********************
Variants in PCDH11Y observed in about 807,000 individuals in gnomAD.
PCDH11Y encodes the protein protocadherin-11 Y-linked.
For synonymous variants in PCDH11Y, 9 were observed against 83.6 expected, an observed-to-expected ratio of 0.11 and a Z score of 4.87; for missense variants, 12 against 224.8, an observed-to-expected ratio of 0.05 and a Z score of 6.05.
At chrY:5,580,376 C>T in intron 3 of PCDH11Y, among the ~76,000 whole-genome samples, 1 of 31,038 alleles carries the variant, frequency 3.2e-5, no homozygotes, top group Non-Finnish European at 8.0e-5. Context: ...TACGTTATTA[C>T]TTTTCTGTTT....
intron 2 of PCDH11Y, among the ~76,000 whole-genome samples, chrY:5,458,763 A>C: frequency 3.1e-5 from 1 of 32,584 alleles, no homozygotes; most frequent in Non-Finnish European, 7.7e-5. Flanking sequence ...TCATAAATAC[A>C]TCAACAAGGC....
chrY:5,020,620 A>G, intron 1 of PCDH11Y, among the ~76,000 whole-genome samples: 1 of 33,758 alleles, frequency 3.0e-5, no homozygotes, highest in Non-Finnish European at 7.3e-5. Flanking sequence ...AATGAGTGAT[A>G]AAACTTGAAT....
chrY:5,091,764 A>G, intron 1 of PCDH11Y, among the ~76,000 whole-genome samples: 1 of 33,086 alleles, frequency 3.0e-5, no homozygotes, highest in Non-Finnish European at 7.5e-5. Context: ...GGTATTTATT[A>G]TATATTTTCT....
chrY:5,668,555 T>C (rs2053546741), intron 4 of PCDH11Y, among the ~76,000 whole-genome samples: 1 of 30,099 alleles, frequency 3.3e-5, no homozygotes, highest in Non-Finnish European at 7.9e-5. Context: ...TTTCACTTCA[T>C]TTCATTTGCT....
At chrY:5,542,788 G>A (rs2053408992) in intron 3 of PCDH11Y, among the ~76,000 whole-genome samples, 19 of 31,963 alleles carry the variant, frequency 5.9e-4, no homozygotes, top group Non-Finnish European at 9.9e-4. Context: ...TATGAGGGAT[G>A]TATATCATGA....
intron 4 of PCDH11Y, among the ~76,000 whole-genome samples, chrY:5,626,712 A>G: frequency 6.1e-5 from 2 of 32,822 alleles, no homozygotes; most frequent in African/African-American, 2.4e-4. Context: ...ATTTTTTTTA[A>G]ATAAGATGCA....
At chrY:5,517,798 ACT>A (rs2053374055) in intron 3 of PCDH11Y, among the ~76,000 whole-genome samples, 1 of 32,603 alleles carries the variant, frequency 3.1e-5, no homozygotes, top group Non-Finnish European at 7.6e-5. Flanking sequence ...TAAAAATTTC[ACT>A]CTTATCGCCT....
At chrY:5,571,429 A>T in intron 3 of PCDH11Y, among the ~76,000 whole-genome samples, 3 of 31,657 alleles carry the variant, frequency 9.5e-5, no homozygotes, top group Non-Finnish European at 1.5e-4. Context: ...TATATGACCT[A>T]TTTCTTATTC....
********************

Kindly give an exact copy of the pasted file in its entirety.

Variants in PCDH11Y observed in about 807,000 individuals in gnomAD.
PCDH11Y encodes the protein protocadherin-11 Y-linked.
For synonymous variants in PCDH11Y, 9 were observed against 83.6 expected, an observed-to-expected ratio of 0.11 and a Z score of 4.87; for missense variants, 12 against 224.8, an observed-to-expected ratio of 0.05 and a Z score of 6.05.
At chrY:5,580,376 C>T in intron 3 of PCDH11Y, among the ~76,000 whole-genome samples, 1 of 31,038 alleles carries the variant, frequency 3.2e-5, no homozygotes, top group Non-Finnish European at 8.0e-5. Context: ...TACGTTATTA[C>T]TTTTCTGTTT....
intron 2 of PCDH11Y, among the ~76,000 whole-genome samples, chrY:5,458,763 A>C: frequency 3.1e-5 from 1 of 32,584 alleles, no homozygotes; most frequent in Non-Finnish European, 7.7e-5. Flanking sequence ...TCATAAATAC[A>C]TCAACAAGGC....
chrY:5,020,620 A>G, intron 1 of PCDH11Y, among the ~76,000 whole-genome samples: 1 of 33,758 alleles, frequency 3.0e-5, no homozygotes, highest in Non-Finnish European at 7.3e-5. Flanking sequence ...AATGAGTGAT[A>G]AAACTTGAAT....
chrY:5,091,764 A>G, intron 1 of PCDH11Y, among the ~76,000 whole-genome samples: 1 of 33,086 alleles, frequency 3.0e-5, no homozygotes, highest in Non-Finnish European at 7.5e-5. Context: ...GGTATTTATT[A>G]TATATTTTCT....
chrY:5,668,555 T>C (rs2053546741), intron 4 of PCDH11Y, among the ~76,000 whole-genome samples: 1 of 30,099 alleles, frequency 3.3e-5, no homozygotes, highest in Non-Finnish European at 7.9e-5. Context: ...TTTCACTTCA[T>C]TTCATTTGCT....
At chrY:5,542,788 G>A (rs2053408992) in intron 3 of PCDH11Y, among the ~76,000 whole-genome samples, 19 of 31,963 alleles carry the variant, frequency 5.9e-4, no homozygotes, top group Non-Finnish European at 9.9e-4. Context: ...TATGAGGGAT[G>A]TATATCATGA....
intron 4 of PCDH11Y, among the ~76,000 whole-genome samples, chrY:5,626,712 A>G: frequency 6.1e-5 from 2 of 32,822 alleles, no homozygotes; most frequent in African/African-American, 2.4e-4. Context: ...ATTTTTTTTA[A>G]ATAAGATGCA....
At chrY:5,517,798 ACT>A (rs2053374055) in intron 3 of PCDH11Y, among the ~76,000 whole-genome samples, 1 of 32,603 alleles carries the variant, frequency 3.1e-5, no homozygotes, top group Non-Finnish European at 7.6e-5. Flanking sequence ...TAAAAATTTC[ACT>A]CTTATCGCCT....
At chrY:5,571,429 A>T in intron 3 of PCDH11Y, among the ~76,000 whole-genome samples, 3 of 31,657 alleles carry the variant, frequency 9.5e-5, no homozygotes, top group Non-Finnish European at 1.5e-4. Context: ...TATATGACCT[A>T]TTTCTTATTC....